It’s official! It has been over one year since we installed a solar electric system on the house. It has been quietly working away producing electricity every day, with virtually no technical problems. So far, so good!
We were not quite net-zero on electricity this year. Energy use in the house was higher than normal and the energy production was about 11% lower than expected. Perhaps the lower production was due to the record-breaking rainy spring this year. But even so, the Washington State solar incentive for the 4.034 kWh produced will reap a bonus of $605 in addition to the free electricity.
||Average production if in Germany
||Average production for Seattle
|Actual for First Year
||Production for year ending 8/31/2013
Daily energy production varied quite a bit all through the year, depending on weather and day length. The peak production day this year was 25.5 kWh on June 18, 2013. The lowest day produced a mere 0.3 kWh on November 19, 2012. The daily average through the year was 11 kWh. The chart below shows the overall energy production pattern, as well as the variability.
Solar electric production chart 9/1/2012 to 8/31/2013
Now we begin another year. Hopefully by the time we complete the next lap around the sun, we’ll have a better idea what it will take to be net-zero for electricity–or even a completely solar-powered home.
What is the difference between a sunny day and a cloudy day? Up to four times the amount of solar electric power!!
Here is a comparison of two days in August with very different weather. On August 13, 2013 there were clear blue skies all day. Two days later on August 15, there were dark clouds and rain all day. Although the day length was almost identical, the solar production was dramatically different, as this graph below shows.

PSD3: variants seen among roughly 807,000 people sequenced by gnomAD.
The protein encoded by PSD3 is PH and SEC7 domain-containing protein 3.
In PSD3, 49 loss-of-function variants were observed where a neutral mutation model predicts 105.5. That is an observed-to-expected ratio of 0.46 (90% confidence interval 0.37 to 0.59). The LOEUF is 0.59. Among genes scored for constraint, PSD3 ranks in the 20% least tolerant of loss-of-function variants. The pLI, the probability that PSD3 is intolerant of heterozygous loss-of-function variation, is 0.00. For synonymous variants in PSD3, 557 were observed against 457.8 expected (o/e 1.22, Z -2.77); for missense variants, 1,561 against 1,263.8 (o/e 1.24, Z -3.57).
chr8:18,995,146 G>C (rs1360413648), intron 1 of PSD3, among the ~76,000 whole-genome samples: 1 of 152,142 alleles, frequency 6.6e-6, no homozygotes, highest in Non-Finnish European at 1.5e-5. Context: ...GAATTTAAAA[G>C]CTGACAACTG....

Side-by-side comparison of power production for sunny day and dark cloudy day
The clear-sky sunny day produced 21.4 kWh of power, with peak production of almost 2800 watts. The rainy day with thick dark clouds 2 days later produced only 5.1 kWh — about one quarter of the power — with peak production of 1100 watts. Not every rainy day is as dark as it was on the 15th and even then there was decent power production, but clearly clear skies makes a big difference.
The Spring report is in… and it’s showing lower-than-expected solar electric production for the sunny side of the year. Could this be caused by the almost record-breaking levels of rain during the month of April?
Solar electric production from March 22 through June 21 this year was 1,464.04 kWh (1.46 MWh). This means an average of 15.91 kWh per day during this 92-day period — considerably less than the 24 kWh average daily production I had predicted in an earlier post.
The peak production day was 25.5 kWh on June 18. The lowest day was April 27 with only 3.38 kWh of electricity produced. Seattle got almost 6 inches of rain during the month of April — twice the recorded average for April, and just shy of breaking the recorded-history record of 6.53 inches. Even the month of May had more rain than average. The question is, what was June’s excuse?
- A chart of solar electric production between March 22 and June 21, 2013.